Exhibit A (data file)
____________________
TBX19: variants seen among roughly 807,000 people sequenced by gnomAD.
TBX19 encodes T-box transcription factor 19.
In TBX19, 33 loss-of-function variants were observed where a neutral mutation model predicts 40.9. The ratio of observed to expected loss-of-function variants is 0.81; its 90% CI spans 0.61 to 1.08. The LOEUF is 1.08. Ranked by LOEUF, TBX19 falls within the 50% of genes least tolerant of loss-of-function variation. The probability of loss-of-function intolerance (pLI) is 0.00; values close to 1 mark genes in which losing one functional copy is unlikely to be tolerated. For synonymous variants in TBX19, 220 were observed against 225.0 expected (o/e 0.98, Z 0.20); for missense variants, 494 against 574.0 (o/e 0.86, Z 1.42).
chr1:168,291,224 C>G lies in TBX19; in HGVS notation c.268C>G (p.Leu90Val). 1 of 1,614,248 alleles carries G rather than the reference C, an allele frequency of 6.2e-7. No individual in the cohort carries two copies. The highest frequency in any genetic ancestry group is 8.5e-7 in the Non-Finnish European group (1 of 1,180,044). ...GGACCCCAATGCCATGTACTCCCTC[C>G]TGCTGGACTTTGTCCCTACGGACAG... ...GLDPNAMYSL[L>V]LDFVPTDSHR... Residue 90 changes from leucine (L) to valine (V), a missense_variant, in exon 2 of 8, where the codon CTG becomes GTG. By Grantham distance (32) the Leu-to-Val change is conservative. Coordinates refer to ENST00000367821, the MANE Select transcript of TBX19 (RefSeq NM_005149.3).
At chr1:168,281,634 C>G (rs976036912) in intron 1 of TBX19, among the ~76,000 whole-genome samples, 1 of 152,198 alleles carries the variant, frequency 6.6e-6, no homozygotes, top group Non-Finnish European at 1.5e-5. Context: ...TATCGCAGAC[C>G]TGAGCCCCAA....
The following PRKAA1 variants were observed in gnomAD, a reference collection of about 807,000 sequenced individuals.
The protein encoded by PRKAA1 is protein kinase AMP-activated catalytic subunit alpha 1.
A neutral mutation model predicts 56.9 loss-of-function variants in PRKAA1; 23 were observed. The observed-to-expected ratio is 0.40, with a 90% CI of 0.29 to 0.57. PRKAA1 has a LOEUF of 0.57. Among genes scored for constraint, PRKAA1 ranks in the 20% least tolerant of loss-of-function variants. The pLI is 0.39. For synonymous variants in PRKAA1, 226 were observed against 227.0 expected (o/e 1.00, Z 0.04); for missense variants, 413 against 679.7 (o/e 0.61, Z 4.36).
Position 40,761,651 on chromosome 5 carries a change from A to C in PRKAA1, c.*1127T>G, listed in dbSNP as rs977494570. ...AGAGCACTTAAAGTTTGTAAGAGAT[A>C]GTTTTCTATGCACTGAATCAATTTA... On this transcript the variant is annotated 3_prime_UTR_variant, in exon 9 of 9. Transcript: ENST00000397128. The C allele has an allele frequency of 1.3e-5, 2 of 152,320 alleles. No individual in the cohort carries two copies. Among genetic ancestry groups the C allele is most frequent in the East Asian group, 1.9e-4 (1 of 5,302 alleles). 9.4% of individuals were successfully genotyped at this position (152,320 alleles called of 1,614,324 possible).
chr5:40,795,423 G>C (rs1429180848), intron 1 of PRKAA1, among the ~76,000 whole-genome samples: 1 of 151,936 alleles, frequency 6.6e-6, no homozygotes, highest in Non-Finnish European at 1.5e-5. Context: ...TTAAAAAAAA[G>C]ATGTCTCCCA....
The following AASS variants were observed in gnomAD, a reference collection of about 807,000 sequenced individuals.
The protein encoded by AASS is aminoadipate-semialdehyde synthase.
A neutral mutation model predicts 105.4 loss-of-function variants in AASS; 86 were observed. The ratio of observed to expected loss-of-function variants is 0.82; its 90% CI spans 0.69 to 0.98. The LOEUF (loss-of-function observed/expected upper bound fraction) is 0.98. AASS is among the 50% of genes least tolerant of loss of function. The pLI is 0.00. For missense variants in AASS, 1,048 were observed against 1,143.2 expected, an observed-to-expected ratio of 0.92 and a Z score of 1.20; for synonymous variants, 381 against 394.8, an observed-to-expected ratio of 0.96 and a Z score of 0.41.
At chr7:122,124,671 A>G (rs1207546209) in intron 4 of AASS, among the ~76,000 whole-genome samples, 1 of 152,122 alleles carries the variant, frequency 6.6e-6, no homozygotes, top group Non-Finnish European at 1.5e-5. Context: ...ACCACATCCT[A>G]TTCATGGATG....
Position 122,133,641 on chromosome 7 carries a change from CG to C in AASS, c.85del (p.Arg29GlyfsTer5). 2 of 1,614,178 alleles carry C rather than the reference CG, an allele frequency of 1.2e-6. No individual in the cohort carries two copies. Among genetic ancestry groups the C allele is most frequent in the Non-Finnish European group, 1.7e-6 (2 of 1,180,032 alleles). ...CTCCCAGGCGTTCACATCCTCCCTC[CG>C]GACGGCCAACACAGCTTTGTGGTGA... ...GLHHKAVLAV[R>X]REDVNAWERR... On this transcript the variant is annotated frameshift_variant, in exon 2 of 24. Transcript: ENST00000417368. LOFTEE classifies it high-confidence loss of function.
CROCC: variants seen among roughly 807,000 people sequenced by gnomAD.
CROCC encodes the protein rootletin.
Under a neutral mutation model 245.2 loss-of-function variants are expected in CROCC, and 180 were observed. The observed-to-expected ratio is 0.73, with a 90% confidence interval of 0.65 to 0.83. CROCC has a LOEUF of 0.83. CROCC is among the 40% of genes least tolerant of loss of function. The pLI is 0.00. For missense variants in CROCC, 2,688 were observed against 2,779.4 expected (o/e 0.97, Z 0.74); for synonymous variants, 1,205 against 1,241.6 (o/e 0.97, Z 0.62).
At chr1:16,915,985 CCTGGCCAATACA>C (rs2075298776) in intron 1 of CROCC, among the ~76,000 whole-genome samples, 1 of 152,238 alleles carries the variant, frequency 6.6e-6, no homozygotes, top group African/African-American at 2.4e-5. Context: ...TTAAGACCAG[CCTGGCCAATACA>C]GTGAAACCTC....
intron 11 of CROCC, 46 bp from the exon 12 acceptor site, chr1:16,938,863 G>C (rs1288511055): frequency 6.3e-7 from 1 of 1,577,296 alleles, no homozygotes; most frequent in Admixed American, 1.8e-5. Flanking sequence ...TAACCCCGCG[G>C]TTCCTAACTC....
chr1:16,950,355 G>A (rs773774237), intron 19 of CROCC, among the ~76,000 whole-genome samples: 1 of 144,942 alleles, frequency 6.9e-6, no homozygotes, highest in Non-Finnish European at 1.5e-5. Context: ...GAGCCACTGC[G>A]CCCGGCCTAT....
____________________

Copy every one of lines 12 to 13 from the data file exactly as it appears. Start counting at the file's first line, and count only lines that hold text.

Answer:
The protein encoded by AASS is aminoadipate-semialdehyde synthase.
A neutral mutation model predicts 105.4 loss-of-function variants in AASS; 86 were observed. The ratio of observed to expected loss-of-function variants is 0.82; its 90% CI spans 0.69 to 0.98. The LOEUF (loss-of-function observed/expected upper bound fraction) is 0.98. AASS is among the 50% of genes least tolerant of loss of function. The pLI is 0.00. For missense variants in AASS, 1,048 were observed against 1,143.2 expected, an observed-to-expected ratio of 0.92 and a Z score of 1.20; for synonymous variants, 381 against 394.8, an observed-to-expected ratio of 0.96 and a Z score of 0.41.